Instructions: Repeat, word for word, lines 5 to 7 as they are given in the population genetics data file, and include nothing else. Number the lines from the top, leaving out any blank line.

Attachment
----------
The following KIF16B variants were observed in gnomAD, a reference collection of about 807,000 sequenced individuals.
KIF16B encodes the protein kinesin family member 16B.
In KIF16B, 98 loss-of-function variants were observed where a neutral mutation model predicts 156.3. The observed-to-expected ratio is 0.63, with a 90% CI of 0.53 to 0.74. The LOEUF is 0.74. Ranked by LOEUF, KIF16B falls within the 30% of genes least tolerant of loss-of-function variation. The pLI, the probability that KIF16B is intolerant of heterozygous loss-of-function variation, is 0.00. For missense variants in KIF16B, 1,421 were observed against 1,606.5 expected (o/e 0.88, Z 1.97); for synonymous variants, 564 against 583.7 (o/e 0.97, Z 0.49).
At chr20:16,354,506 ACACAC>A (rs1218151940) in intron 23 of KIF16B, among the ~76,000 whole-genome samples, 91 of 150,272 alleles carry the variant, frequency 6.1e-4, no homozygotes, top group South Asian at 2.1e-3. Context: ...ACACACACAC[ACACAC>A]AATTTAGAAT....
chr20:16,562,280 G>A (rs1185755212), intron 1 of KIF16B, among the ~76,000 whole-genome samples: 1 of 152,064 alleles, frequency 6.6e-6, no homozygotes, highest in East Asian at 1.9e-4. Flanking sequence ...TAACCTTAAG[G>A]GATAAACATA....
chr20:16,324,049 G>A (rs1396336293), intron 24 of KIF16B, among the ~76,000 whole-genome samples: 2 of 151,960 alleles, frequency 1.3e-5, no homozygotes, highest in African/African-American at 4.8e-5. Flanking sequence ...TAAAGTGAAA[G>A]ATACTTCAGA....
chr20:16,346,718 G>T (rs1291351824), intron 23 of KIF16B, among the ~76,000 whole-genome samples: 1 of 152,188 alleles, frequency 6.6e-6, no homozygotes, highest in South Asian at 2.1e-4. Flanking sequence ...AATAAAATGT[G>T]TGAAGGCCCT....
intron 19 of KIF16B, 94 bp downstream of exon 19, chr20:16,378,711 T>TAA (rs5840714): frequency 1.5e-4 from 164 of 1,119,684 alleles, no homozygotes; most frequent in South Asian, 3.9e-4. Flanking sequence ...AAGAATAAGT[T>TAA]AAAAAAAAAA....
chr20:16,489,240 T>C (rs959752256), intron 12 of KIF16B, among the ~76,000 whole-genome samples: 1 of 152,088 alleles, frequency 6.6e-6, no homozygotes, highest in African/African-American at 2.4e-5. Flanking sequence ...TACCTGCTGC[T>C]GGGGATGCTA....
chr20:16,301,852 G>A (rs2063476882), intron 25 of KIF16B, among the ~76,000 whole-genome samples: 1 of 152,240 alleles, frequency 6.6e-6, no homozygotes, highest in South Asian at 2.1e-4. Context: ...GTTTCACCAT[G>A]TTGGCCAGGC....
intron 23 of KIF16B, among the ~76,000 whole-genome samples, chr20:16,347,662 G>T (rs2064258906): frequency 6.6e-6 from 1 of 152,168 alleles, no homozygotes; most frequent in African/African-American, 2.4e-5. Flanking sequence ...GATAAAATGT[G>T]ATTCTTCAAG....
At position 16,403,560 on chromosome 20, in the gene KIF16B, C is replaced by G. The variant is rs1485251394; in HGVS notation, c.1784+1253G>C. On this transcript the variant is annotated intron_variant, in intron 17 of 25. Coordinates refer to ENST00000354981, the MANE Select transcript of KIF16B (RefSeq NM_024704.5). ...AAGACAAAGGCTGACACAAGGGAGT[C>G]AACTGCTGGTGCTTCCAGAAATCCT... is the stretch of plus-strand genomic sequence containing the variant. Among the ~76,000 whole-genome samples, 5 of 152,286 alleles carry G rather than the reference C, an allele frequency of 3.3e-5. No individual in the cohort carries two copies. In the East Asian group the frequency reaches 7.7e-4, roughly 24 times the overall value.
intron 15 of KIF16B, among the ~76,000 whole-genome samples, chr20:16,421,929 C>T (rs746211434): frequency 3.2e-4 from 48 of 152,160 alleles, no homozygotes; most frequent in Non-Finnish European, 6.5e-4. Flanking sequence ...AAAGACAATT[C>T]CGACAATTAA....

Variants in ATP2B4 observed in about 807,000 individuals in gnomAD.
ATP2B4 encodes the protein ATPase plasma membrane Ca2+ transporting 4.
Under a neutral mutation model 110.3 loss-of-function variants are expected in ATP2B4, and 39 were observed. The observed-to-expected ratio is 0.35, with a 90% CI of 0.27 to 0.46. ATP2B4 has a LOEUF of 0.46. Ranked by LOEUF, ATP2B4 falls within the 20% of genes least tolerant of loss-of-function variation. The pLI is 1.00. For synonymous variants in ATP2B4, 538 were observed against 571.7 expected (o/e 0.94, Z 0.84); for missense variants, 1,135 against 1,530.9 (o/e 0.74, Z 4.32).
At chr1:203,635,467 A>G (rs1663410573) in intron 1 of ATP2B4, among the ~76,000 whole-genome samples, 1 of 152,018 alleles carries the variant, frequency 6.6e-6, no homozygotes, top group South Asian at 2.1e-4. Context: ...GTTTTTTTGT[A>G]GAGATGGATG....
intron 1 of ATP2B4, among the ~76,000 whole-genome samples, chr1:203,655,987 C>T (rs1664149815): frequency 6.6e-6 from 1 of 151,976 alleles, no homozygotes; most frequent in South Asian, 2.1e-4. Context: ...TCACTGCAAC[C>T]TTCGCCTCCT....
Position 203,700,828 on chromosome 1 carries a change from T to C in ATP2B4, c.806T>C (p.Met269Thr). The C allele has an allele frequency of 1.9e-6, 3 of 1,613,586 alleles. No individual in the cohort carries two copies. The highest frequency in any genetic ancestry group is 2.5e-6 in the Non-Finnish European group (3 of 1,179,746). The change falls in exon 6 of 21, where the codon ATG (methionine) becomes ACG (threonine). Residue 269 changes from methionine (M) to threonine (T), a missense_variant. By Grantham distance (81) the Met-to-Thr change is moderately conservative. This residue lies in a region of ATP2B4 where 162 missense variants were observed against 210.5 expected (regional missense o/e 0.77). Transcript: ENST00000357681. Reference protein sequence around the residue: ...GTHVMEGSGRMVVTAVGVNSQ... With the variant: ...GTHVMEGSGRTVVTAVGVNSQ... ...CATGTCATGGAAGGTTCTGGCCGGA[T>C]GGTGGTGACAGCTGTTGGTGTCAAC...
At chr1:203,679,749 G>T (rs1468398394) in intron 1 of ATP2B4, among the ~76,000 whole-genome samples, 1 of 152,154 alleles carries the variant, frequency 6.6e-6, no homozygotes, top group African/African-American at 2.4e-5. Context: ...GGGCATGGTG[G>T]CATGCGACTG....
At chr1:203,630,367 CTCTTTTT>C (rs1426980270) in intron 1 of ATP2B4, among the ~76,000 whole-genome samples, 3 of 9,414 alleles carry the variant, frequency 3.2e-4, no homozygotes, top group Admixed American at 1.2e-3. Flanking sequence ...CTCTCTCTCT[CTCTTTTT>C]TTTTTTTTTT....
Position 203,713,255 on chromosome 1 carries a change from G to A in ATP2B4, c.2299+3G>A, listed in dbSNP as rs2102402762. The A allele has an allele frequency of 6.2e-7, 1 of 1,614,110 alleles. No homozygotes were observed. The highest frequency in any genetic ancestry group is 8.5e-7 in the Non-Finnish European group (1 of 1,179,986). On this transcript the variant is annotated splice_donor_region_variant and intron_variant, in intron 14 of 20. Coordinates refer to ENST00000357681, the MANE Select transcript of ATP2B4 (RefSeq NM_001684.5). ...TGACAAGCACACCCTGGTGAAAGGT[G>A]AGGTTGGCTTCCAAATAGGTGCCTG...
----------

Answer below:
chr20:16,562,280 G>A (rs1185755212), intron 1 of KIF16B, among the ~76,000 whole-genome samples: 1 of 152,064 alleles, frequency 6.6e-6, no homozygotes, highest in East Asian at 1.9e-4. Flanking sequence ...TAACCTTAAG[G>A]GATAAACATA....
chr20:16,324,049 G>A (rs1396336293), intron 24 of KIF16B, among the ~76,000 whole-genome samples: 2 of 151,960 alleles, frequency 1.3e-5, no homozygotes, highest in African/African-American at 4.8e-5. Flanking sequence ...TAAAGTGAAA[G>A]ATACTTCAGA....
chr20:16,346,718 G>T (rs1291351824), intron 23 of KIF16B, among the ~76,000 whole-genome samples: 1 of 152,188 alleles, frequency 6.6e-6, no homozygotes, highest in South Asian at 2.1e-4. Flanking sequence ...AATAAAATGT[G>T]TGAAGGCCCT....